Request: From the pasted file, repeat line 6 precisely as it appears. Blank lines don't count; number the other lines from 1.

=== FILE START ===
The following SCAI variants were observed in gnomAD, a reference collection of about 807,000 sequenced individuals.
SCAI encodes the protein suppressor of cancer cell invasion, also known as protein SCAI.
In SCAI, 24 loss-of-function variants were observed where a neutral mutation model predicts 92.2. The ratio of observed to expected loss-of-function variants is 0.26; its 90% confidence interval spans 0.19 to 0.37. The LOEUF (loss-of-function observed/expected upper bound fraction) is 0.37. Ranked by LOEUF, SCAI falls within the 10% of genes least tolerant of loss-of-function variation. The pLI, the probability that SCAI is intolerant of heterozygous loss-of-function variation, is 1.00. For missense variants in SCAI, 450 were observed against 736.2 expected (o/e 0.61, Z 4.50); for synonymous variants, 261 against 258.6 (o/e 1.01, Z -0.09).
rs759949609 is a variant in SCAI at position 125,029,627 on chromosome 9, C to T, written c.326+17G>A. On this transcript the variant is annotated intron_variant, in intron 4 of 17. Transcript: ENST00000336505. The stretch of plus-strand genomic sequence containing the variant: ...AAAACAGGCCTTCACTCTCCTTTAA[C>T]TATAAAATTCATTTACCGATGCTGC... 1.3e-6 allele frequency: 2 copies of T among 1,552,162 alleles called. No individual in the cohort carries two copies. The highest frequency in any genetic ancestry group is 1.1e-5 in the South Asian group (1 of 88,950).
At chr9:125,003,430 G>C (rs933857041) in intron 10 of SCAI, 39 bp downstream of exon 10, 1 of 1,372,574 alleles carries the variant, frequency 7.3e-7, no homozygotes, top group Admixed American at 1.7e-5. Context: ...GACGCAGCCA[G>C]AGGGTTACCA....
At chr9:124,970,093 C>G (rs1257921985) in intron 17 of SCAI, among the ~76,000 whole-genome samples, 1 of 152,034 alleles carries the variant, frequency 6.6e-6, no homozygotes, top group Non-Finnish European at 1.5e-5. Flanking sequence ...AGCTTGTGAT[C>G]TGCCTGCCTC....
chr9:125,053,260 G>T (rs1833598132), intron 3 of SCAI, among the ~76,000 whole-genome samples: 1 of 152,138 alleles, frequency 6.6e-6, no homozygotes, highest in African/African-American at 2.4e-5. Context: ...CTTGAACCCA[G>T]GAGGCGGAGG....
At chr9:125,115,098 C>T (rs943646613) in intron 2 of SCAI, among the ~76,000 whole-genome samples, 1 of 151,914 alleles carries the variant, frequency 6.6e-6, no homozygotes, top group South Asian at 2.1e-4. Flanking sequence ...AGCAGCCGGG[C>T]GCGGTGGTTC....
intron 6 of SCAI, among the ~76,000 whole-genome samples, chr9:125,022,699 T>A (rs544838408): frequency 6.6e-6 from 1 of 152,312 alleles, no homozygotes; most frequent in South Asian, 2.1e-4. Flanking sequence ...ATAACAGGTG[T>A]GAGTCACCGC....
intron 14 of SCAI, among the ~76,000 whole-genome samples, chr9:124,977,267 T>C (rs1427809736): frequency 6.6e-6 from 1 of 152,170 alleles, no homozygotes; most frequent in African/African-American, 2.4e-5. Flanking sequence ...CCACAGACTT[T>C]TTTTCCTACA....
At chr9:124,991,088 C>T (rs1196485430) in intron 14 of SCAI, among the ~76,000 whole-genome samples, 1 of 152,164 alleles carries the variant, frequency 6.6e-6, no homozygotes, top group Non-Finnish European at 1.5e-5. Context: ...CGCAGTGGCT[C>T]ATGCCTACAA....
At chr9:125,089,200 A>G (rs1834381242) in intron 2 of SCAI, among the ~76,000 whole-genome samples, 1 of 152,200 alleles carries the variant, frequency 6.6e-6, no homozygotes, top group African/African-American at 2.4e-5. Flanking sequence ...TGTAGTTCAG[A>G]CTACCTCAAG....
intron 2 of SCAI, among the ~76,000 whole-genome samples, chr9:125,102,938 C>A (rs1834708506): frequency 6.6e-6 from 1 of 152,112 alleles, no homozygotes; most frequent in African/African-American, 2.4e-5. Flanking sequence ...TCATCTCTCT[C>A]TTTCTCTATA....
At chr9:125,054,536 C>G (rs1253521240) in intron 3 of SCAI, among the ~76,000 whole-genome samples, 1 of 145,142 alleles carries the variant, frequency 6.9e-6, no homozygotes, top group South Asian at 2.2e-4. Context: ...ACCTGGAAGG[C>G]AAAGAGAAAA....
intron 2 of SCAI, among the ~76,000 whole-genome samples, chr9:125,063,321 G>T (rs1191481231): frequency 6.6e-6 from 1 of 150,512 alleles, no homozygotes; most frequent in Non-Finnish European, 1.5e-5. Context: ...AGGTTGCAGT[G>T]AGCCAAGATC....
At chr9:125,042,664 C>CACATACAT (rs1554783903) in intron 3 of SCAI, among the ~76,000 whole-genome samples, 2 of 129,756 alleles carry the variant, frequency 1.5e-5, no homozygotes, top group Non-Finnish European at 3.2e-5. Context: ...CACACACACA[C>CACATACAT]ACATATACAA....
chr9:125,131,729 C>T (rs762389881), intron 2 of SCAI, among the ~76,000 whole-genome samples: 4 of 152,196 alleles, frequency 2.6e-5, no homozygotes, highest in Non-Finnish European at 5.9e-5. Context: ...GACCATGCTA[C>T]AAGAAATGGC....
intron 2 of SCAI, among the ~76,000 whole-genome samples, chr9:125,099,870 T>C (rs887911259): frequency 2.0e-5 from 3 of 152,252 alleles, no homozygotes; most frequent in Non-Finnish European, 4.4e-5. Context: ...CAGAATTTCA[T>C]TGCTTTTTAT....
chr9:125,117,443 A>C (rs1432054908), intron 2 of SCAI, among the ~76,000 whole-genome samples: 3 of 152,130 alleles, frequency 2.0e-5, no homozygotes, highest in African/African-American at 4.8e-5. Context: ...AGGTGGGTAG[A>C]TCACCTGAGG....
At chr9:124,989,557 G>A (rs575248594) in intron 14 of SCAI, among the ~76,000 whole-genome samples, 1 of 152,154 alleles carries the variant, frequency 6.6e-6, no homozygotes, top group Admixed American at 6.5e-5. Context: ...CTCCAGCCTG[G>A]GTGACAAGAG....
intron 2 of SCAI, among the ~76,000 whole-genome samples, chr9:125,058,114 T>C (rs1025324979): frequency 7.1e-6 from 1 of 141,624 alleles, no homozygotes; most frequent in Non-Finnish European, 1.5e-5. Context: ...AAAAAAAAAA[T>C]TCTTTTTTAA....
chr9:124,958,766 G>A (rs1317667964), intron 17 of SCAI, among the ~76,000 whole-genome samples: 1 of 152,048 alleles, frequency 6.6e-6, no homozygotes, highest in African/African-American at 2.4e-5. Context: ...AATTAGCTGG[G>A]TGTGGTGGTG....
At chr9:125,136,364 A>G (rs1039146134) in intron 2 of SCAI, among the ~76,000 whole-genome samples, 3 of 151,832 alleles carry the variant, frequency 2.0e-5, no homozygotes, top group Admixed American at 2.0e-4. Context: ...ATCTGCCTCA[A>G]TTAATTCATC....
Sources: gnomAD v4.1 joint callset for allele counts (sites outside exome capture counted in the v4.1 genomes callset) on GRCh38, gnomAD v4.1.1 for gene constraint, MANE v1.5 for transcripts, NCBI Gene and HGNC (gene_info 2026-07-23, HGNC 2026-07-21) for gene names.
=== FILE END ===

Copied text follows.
At chr9:124,970,093 C>G (rs1257921985) in intron 17 of SCAI, among the ~76,000 whole-genome samples, 1 of 152,034 alleles carries the variant, frequency 6.6e-6, no homozygotes, top group Non-Finnish European at 1.5e-5. Flanking sequence ...AGCTTGTGAT[C>G]TGCCTGCCTC....